Facebook Ads for ecommerce are different in a couple of aspects. One of those is frequency.

When running purchase/sales ads, you typically need to reach a certain frequency to make a sale. Someone seeing an ad for a product just once isn't enough, you have to show them the ad at least 5x to make them convert. (The exact frequency number differs from business to business.)

You can't possibly conclude your ad set is unsuccessful with your frequency being 1-2.

And this situation is perfect for setting up the following rule:

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This will turn off your ad set if your frequency is higher than 4, but your Website Purchase ROAS is less than 1, which means that you're losing money.

Automated Rules are a safety net, but doesn't replace manual improvements

When you make a decision to start investing in Facebook Ads, you should also make a decision to take this seriously.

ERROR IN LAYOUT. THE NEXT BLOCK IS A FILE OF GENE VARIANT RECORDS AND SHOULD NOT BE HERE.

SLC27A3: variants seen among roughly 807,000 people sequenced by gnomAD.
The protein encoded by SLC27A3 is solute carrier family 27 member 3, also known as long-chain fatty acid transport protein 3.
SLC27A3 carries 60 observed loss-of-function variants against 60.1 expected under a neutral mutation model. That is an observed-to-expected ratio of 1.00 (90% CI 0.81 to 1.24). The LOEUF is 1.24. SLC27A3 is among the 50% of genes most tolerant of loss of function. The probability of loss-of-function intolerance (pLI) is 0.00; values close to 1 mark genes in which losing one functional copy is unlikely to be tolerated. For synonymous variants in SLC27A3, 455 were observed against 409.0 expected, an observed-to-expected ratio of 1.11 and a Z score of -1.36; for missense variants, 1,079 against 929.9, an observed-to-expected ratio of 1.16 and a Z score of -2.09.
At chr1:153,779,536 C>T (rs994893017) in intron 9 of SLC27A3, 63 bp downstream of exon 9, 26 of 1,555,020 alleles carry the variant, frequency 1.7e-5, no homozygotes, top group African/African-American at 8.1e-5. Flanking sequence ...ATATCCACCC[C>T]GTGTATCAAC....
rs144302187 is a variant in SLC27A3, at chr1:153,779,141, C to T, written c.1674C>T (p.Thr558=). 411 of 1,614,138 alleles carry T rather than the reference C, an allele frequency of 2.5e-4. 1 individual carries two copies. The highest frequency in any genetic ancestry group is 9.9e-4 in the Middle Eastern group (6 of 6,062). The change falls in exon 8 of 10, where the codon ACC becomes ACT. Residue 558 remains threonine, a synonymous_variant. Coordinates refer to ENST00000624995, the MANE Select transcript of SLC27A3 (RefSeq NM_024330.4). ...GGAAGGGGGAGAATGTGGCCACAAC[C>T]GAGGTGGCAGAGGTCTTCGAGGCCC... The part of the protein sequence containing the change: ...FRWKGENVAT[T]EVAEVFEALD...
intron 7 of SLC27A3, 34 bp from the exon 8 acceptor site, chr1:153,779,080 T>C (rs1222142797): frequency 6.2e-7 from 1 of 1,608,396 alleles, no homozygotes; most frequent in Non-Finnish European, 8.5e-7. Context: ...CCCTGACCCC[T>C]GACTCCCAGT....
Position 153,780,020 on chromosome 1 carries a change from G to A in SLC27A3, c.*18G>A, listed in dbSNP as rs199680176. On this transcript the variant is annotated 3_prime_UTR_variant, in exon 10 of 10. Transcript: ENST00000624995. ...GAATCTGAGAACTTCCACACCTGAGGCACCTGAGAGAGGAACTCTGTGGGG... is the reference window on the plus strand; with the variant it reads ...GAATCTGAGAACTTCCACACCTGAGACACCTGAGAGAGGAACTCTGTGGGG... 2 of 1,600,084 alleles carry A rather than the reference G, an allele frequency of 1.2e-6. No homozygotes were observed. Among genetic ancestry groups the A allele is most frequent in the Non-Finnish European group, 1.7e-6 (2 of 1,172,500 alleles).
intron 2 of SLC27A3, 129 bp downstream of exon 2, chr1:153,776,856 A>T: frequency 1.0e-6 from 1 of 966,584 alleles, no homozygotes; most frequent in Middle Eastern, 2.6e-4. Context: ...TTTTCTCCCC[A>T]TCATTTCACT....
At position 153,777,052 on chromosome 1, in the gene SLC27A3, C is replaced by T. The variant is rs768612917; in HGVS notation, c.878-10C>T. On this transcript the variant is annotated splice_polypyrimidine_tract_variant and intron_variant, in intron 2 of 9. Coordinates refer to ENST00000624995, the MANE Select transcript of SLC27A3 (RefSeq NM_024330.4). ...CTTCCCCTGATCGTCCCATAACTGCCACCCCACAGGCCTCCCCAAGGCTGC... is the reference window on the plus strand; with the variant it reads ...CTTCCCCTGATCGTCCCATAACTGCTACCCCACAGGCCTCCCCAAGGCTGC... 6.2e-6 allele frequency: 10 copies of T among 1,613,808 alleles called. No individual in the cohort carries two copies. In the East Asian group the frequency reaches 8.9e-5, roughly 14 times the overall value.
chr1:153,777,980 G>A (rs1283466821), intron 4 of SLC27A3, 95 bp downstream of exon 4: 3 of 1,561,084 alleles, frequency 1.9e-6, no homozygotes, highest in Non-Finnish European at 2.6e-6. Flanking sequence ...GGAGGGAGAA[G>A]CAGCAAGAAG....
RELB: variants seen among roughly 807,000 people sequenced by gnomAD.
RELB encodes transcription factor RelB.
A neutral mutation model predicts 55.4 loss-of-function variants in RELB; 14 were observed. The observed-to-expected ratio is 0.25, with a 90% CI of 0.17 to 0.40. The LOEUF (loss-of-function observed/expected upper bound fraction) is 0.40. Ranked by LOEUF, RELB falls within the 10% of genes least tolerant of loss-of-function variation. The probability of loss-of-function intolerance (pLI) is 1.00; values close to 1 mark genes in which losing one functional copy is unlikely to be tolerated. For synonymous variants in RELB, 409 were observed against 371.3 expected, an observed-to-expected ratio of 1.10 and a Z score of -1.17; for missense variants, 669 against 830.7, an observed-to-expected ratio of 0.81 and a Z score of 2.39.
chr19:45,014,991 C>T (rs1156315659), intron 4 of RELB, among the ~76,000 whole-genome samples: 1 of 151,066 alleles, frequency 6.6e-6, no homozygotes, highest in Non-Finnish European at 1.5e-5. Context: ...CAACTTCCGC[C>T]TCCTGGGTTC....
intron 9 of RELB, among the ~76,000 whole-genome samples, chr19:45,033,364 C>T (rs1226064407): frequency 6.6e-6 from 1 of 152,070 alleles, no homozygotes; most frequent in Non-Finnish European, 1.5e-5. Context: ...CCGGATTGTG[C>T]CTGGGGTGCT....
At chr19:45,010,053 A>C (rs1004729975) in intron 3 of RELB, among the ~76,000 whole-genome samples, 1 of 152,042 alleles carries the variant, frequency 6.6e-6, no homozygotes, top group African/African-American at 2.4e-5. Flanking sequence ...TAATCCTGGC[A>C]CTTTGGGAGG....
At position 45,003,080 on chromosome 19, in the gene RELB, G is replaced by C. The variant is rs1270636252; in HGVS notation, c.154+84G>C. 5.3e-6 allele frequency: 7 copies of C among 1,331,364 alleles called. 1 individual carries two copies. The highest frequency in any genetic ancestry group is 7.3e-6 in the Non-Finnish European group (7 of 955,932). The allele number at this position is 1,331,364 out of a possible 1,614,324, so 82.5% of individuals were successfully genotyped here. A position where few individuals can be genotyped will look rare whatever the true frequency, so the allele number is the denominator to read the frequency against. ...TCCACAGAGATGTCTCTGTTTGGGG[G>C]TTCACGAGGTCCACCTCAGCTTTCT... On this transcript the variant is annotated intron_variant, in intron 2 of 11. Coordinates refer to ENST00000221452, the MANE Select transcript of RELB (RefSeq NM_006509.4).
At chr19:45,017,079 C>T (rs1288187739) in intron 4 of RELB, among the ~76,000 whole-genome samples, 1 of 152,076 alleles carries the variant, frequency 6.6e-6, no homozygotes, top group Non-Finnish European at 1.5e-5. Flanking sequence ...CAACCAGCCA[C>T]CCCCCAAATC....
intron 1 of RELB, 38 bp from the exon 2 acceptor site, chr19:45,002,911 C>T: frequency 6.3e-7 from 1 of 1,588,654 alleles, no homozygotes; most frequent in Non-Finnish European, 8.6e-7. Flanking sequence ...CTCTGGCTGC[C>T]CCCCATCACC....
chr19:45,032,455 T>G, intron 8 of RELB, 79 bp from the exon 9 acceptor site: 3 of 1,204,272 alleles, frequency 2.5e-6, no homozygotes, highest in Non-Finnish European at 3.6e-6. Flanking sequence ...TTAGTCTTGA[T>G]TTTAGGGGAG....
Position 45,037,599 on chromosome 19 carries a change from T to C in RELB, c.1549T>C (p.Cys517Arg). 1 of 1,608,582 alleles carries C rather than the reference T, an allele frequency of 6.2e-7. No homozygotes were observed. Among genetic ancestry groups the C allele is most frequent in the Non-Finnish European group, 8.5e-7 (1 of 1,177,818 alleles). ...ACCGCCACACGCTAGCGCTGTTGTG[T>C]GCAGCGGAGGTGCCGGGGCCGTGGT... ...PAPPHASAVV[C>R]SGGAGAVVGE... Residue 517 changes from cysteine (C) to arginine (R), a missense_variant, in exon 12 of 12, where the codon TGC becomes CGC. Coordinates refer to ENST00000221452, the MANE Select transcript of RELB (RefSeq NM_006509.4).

Setting up your campaign and forgetting about it shouldn't be something that happens to you.

Facebook's Automated Rules act as a safety net to prevent you from losing your money in situations when you don't have time to check in with your ads every day.

But that doesn't mean that you can set and forget about your campaigns forever, especially if your goal is to grow, not to stay stagnant.

If you want to gradually decrease your cost per lead, you'll need to experiment with new audiences regularly.

If you want to generate more purchases in a given week, you'll need to update your visuals at least once a month.

However, Automated Rules will still make sure that you're not the guy that wastes $15,000 on Facebook Ads without him knowing. Instead, you'll sleep well every single night, confident that you're only spending your budget for campaigns that work.

Mojca ZoveComment